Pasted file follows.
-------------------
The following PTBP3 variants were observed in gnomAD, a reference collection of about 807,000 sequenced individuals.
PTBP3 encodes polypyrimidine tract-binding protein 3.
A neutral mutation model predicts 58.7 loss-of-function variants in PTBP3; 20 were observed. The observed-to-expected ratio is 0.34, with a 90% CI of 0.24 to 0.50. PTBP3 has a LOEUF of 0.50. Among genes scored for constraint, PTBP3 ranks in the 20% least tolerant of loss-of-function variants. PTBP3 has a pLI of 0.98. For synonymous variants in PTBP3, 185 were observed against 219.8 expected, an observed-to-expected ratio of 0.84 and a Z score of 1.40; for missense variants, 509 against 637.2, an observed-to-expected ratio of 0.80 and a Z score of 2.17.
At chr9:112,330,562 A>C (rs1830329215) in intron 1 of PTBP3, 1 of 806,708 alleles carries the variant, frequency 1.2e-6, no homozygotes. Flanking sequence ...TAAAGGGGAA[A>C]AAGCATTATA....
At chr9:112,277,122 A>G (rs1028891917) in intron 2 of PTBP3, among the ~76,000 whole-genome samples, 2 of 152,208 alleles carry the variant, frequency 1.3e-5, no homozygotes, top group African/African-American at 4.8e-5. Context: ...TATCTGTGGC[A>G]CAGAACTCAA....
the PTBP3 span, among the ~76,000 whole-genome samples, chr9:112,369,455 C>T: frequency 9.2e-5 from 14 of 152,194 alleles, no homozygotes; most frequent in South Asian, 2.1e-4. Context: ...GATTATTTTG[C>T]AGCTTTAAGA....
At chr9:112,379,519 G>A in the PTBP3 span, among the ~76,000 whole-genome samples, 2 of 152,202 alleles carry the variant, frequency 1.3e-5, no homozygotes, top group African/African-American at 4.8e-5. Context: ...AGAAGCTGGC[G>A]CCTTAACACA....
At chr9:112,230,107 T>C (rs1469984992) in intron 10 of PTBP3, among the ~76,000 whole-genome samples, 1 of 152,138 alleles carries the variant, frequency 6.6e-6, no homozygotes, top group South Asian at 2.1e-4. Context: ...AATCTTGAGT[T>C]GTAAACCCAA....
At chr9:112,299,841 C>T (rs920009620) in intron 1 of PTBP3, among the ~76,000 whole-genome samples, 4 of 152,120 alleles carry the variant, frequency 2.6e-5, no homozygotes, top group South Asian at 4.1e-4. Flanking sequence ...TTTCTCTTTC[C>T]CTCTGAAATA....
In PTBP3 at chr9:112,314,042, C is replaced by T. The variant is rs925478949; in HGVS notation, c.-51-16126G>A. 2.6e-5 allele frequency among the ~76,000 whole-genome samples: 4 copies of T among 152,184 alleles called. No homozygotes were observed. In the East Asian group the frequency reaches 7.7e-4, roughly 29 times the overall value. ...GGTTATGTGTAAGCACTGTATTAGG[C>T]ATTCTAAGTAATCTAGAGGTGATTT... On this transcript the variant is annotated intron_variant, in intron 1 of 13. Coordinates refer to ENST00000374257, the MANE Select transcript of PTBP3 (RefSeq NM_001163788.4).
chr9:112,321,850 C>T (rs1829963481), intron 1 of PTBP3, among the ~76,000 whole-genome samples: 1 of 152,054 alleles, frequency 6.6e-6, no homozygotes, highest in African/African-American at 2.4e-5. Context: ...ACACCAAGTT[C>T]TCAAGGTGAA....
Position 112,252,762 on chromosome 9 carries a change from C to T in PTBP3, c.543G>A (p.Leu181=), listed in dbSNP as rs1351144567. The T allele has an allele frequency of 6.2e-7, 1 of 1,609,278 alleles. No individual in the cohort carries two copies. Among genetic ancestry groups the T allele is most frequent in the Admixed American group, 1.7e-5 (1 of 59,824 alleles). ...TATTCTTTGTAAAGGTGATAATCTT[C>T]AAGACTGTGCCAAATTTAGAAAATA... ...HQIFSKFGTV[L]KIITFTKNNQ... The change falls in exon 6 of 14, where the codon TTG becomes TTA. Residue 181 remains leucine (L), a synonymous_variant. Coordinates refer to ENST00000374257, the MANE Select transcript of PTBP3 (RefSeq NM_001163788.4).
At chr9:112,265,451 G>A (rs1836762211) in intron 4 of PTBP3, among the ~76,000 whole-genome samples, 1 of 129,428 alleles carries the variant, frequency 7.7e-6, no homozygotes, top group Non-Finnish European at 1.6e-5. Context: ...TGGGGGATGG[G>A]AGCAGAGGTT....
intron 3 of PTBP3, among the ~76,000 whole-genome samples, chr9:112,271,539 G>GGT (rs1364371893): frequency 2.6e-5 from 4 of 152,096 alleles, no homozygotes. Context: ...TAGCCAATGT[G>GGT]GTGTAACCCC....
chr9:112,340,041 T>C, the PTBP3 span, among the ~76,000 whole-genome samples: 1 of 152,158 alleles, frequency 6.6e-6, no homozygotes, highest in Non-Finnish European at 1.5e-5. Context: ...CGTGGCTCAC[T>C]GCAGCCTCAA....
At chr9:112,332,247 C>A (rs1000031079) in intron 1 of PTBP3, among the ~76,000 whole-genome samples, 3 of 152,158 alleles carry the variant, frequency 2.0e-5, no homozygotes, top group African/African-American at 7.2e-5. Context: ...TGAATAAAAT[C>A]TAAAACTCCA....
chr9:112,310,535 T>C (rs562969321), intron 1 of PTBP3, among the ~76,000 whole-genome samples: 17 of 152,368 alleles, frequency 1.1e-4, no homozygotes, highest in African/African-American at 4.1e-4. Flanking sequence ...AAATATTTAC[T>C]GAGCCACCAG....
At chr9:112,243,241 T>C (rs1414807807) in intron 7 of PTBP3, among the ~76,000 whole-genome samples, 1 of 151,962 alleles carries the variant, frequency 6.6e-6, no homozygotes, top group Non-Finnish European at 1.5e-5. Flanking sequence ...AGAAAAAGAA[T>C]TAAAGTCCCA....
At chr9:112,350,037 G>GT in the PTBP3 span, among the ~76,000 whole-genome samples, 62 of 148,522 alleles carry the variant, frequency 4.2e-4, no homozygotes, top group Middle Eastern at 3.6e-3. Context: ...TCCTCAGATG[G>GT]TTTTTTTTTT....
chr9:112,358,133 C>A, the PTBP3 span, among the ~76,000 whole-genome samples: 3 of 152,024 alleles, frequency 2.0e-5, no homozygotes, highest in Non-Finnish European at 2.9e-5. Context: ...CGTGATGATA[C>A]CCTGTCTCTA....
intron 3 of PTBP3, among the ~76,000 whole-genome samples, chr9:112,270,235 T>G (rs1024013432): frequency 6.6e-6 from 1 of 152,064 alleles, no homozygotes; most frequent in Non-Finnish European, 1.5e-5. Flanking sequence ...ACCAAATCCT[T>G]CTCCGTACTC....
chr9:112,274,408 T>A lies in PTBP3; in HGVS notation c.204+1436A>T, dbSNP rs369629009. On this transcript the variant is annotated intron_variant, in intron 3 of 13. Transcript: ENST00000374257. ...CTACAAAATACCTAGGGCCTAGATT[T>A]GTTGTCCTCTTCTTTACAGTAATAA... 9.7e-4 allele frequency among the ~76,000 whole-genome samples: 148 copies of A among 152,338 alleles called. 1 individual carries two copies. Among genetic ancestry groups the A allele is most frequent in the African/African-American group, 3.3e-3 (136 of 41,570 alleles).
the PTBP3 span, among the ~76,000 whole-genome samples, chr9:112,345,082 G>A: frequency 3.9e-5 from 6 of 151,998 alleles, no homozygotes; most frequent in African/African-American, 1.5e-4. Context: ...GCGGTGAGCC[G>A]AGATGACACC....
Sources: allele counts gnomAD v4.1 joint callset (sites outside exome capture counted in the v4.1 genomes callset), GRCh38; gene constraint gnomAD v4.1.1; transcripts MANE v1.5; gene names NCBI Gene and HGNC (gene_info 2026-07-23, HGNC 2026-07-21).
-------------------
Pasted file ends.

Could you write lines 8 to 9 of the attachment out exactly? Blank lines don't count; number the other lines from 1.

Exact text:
At chr9:112,230,107 T>C (rs1469984992) in intron 10 of PTBP3, among the ~76,000 whole-genome samples, 1 of 152,138 alleles carries the variant, frequency 6.6e-6, no homozygotes, top group South Asian at 2.1e-4. Context: ...AATCTTGAGT[T>C]GTAAACCCAA....
At chr9:112,299,841 C>T (rs920009620) in intron 1 of PTBP3, among the ~76,000 whole-genome samples, 4 of 152,120 alleles carry the variant, frequency 2.6e-5, no homozygotes, top group South Asian at 4.1e-4. Flanking sequence ...TTTCTCTTTC[C>T]CTCTGAAATA....